Georges Rouault was born on May 27, 1871 in Paris in a cellar to which his mother had been carried after the house had been struck by a stray shell during an insurrection. His father was a cabinet-maker in a piano factory. His paternal grandfather was a lover of art, an admirer of Manet and Daumier, who hoped the child would become a painter. When Rouault was a teenager he was apprenticed to a stained glass maker. This early contact with stained glass influenced immensely his later career as painter and printmaker. At the same time he attended evening classes at the Ecole des Arts Decoratifs, and studied painting at the Louvre. He entered the Ecole des Beaux Arts under Elie Delaunay, who died soon after. He became the favorite pupil and a close friend of Gustave Moreau.
Moreau died in 1898 and the same year Rouault's parents left France to be with their daughter in Algeria whose husband had just died. Rouault was named Director of the new Musee Gustave Moreau. He turned to painting landscapes; he had a period of bad health which he spent in Evian. Rouault always saw himself as an artisan, an anonymous laborer making devotional images. He used black outline to reinforce the brilliancy of color and expressive gesture in the manner of mosaics or medieval miniatures. He drew freely from various sources in order to give conventual overtones to his modern statement of human dilemma. His preoccupation over the years with the plight of prostitutes, tragicomic clowns and biblical martyrs, who as outcasts from society, suffer the burden of insoluble ethical demands, reflects the existential dread of despair he, as an artist, suffered himself.
In 1908, Rouault married Martha Le Sidoner. They had four children. Rouault exhibited with the Fauves, though he was never closely associated with that movement. His work from then until the end of his life was concerned with printmaking, designing costumes and scenery, illustrating books, etc.
Written by Jean Ershler Schatz, artist and researcher from Laguna Woods, California.
Lionello Venturi in Rouault catalogue, 1940
Master Paintings from the Phillips Collection
World Artists1950-80 by Claude Marks
*The Miserere Series reflects the time in which it was created--the beginning of the First World War. Miserere's sources are the Bible and Christain literature, political and social concerns of the day, and modern poetry and plays. Rouault's horror and compassion inspired by WWI certainly impacted the poignant, haunting images in Miserere, which have been described as having the power and clarity of icons.
Georges Henri Rouault (27 May 1871 – 13 February 1958) was a French Fauvist and Expressionist painter, and printmaker in lithography and etching.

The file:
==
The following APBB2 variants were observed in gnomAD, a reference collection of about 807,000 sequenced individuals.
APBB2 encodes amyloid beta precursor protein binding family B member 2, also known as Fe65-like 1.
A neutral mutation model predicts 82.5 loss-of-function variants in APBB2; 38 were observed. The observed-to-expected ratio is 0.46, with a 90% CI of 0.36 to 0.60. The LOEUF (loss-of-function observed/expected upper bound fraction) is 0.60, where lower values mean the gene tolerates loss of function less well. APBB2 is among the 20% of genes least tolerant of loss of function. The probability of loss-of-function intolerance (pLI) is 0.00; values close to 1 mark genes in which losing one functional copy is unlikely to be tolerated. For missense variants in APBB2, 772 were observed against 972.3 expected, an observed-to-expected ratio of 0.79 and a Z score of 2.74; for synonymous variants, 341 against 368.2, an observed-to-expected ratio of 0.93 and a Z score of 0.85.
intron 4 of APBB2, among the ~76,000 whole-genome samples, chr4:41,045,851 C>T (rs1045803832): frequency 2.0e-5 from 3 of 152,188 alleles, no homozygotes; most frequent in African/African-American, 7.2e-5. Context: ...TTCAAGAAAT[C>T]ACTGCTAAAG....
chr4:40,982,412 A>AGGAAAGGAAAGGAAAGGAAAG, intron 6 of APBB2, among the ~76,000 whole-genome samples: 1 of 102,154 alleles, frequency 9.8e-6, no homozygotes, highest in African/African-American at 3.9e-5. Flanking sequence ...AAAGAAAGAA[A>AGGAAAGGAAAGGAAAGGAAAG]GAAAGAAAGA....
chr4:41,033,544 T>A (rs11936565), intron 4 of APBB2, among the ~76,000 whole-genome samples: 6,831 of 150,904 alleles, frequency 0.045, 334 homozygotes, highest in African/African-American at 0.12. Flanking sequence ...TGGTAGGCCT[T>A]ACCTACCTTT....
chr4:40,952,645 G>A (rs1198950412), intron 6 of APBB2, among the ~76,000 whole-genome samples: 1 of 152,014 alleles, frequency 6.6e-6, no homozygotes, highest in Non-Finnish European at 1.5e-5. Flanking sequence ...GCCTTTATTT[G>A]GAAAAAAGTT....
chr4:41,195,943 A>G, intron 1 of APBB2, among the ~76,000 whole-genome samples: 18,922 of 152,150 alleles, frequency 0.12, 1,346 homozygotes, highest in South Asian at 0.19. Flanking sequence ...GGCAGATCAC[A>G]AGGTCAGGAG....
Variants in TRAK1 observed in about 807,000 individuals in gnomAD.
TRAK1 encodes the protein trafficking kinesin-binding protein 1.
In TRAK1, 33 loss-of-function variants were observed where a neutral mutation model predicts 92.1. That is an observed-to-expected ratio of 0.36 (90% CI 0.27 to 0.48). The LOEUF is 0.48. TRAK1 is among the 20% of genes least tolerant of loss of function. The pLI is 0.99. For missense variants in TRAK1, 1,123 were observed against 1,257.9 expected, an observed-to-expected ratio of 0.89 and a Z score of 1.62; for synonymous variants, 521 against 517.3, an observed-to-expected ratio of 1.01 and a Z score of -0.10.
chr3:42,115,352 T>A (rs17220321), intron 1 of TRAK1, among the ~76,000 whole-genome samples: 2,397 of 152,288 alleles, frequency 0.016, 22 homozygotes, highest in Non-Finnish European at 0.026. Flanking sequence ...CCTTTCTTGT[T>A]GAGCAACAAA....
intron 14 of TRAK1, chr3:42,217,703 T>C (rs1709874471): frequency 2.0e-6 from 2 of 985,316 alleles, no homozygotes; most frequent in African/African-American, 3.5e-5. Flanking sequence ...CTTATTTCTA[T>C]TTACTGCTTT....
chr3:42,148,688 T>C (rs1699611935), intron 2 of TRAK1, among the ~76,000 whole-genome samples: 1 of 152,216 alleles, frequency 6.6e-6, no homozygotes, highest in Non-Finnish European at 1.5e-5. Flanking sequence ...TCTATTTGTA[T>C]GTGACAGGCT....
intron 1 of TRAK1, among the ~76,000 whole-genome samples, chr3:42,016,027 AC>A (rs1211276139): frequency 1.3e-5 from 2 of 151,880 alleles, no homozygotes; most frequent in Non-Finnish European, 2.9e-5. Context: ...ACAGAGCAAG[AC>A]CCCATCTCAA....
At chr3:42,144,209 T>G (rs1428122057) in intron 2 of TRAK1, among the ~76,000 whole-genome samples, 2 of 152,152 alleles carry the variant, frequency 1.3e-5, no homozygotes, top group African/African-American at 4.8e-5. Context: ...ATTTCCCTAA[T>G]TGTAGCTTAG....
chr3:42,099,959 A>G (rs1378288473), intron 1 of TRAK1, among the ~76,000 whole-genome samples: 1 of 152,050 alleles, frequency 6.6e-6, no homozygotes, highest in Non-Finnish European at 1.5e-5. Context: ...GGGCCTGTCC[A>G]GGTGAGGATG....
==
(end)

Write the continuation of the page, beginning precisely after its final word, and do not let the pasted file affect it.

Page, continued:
Rouault was born in Paris into a poor family. His mother encouraged his love for the arts, and in 1885 the fourteen-year-old Rouault embarked on an apprenticeship as a glass painter and restorer, which lasted until 1890. This early experience as a glass painter has been suggested as a likely source of the heavy black contouring and glowing colors, likened to leaded glass, which characterize Rouault's mature painting style. During his apprenticeship, he also attended evening classes at the School of Fine Arts, and in 1891, he entered the École des Beaux-Arts, the official art school of France. There he studied under Gustave Moreau and became his favorite student. Rouault's earliest works show a symbolism in the use of colour that probably reflects Moreau's influence, and when Moreau died in 1898, Rouault was nominated as the curator of the Moreau Museum in Paris.
Georges Rouault also met Henri Matisse, Albert Marquet, Henri Manguin, and Charles Camoin. These friendships brought him to the movement of Fauvism, the leader of which was considered to be Matisse.
From 1895 on, he took part in major public exhibitions, notably the Salon d'Automne (which he helped to found), where paintings with religious subjects, landscapes and still lifes were shown. In 1905 he exhibited his paintings at the Salon d'Automne with the other Fauvists. While Matisse represented the reflective and rationalized aspects in the group, Rouault embodied a more spontaneous and instinctive style.
His use of stark contrasts and emotionality is credited to the influence of Vincent van Gogh. His characterizations of overemphasized grotesque personalities inspired the expressionist painters.
In 1907, Rouault commenced a series of paintings dedicated to courts, clowns and prostitutes. These paintings are interpreted as moral and social criticism. He became attracted to Spiritualism and the dramatic existentialism of the philosopher Jacques Maritain, who remained a close friend for the rest of his life. After that, he dedicated himself to religious subjects. Human nature was always the focus of his interest. Rouault said: "A tree against the sky possesses the same interest, the same character, the same expression as the figure of a human."
At the end of his life he burned 300 of his pictures (estimated to be worth today about more than half a billion francs). His reason for doing this was not profound, as he simply felt he would not live to finish them. Rouault died in Paris in 1958.